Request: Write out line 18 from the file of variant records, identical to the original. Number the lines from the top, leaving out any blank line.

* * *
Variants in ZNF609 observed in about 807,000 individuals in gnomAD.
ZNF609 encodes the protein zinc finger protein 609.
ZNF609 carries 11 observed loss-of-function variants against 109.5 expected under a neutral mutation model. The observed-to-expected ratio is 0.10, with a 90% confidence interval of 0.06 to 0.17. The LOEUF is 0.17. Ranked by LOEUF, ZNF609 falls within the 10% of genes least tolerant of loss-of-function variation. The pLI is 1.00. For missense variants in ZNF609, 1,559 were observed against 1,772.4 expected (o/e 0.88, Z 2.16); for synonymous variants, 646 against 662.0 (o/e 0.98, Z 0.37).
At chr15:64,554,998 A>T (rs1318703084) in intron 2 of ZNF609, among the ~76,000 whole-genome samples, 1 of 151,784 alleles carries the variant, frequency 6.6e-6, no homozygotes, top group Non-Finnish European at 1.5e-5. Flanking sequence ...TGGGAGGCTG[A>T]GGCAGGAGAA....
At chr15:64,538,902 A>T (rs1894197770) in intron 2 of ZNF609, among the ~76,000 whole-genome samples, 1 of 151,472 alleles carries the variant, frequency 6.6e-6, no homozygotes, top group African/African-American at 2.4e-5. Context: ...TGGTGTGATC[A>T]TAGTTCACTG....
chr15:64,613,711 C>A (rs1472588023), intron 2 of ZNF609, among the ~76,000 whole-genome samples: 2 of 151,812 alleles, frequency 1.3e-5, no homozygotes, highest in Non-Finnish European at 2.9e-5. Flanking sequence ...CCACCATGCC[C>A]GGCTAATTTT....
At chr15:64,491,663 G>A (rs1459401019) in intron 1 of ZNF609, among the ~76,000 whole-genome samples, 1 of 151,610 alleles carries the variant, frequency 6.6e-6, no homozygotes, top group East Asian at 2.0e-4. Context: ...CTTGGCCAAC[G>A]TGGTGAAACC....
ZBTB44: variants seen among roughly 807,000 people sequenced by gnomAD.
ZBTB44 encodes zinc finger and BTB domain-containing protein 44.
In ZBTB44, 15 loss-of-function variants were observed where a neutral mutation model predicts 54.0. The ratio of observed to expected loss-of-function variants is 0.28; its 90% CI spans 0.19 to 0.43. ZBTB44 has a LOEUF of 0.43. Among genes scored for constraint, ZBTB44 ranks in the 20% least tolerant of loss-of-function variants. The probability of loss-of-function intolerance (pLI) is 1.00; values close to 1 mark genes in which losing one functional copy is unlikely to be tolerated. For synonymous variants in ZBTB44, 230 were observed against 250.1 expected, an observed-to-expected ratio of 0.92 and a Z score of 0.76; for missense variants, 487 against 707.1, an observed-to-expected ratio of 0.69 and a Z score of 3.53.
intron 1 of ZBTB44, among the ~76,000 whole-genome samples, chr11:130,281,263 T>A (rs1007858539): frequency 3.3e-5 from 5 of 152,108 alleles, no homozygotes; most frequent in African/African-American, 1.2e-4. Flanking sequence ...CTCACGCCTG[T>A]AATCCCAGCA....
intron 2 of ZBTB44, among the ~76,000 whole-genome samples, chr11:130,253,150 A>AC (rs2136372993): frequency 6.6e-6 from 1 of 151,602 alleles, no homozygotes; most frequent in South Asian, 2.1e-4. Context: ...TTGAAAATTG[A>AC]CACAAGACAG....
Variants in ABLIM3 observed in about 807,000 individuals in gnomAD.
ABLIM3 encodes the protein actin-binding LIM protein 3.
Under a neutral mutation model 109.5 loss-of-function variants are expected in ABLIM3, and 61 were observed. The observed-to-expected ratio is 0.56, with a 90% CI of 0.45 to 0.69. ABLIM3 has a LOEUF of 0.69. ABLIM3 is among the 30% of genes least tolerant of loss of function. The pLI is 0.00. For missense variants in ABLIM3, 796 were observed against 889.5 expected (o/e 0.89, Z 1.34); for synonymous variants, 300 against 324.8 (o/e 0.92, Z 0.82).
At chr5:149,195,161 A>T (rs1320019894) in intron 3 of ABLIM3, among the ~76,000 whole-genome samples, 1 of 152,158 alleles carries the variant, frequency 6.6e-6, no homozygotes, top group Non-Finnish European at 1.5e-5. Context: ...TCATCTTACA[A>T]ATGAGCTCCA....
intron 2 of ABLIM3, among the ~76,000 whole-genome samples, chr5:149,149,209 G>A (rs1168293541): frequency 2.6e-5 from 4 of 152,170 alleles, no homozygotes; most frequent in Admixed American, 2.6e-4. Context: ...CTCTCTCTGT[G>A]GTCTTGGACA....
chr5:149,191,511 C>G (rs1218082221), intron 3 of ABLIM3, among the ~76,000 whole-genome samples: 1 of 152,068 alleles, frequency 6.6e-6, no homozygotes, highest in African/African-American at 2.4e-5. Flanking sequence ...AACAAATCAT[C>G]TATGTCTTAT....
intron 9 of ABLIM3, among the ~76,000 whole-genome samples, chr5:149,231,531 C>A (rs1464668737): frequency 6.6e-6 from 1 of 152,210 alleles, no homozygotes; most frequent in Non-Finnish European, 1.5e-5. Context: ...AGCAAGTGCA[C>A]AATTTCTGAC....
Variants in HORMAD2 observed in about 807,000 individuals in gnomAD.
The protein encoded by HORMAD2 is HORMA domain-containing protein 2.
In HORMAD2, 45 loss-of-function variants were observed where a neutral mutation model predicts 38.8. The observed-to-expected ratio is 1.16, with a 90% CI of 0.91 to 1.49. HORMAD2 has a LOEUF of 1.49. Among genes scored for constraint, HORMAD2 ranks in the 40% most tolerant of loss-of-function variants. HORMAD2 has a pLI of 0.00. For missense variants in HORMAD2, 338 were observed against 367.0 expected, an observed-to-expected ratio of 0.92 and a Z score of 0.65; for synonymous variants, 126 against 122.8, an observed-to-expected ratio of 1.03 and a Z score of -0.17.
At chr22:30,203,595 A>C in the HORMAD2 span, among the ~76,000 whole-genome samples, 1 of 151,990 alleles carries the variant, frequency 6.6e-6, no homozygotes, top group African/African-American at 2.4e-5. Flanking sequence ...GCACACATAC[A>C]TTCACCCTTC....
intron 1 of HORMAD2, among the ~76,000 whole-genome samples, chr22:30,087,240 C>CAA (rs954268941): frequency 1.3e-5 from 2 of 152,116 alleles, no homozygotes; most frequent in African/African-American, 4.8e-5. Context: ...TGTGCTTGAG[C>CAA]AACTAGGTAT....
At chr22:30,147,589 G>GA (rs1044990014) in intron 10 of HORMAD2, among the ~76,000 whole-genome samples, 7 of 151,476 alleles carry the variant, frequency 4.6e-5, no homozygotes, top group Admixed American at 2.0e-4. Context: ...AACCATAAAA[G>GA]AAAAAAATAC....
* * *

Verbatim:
chr5:149,191,511 C>G (rs1218082221), intron 3 of ABLIM3, among the ~76,000 whole-genome samples: 1 of 152,068 alleles, frequency 6.6e-6, no homozygotes, highest in African/African-American at 2.4e-5. Flanking sequence ...AACAAATCAT[C>G]TATGTCTTAT....